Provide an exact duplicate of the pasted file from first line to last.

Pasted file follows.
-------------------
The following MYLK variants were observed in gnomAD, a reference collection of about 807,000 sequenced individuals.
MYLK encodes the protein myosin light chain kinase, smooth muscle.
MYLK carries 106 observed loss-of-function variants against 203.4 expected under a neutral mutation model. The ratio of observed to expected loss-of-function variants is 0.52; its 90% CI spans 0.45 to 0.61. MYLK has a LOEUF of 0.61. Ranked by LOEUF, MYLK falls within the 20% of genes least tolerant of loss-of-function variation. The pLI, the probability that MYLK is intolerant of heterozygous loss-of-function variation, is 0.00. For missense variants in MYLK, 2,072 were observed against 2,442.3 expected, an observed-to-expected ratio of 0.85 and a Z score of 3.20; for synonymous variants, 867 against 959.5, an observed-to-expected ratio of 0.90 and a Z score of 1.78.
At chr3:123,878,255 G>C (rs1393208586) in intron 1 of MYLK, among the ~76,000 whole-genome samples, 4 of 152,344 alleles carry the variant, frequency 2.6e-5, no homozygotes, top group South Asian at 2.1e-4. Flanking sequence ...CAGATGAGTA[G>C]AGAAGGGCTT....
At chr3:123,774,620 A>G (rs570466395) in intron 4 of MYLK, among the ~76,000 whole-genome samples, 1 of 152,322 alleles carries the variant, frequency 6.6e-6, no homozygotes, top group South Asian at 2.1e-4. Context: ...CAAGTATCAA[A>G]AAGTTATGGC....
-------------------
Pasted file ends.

The following MYLK variants were observed in gnomAD, a reference collection of about 807,000 sequenced individuals.
MYLK encodes the protein myosin light chain kinase, smooth muscle.
MYLK carries 106 observed loss-of-function variants against 203.4 expected under a neutral mutation model. The ratio of observed to expected loss-of-function variants is 0.52; its 90% CI spans 0.45 to 0.61. MYLK has a LOEUF of 0.61. Ranked by LOEUF, MYLK falls within the 20% of genes least tolerant of loss-of-function variation. The pLI, the probability that MYLK is intolerant of heterozygous loss-of-function variation, is 0.00. For missense variants in MYLK, 2,072 were observed against 2,442.3 expected, an observed-to-expected ratio of 0.85 and a Z score of 3.20; for synonymous variants, 867 against 959.5, an observed-to-expected ratio of 0.90 and a Z score of 1.78.
At chr3:123,878,255 G>C (rs1393208586) in intron 1 of MYLK, among the ~76,000 whole-genome samples, 4 of 152,344 alleles carry the variant, frequency 2.6e-5, no homozygotes, top group South Asian at 2.1e-4. Flanking sequence ...CAGATGAGTA[G>C]AGAAGGGCTT....
At chr3:123,774,620 A>G (rs570466395) in intron 4 of MYLK, among the ~76,000 whole-genome samples, 1 of 152,322 alleles carries the variant, frequency 6.6e-6, no homozygotes, top group South Asian at 2.1e-4. Context: ...CAAGTATCAA[A>G]AAGTTATGGC....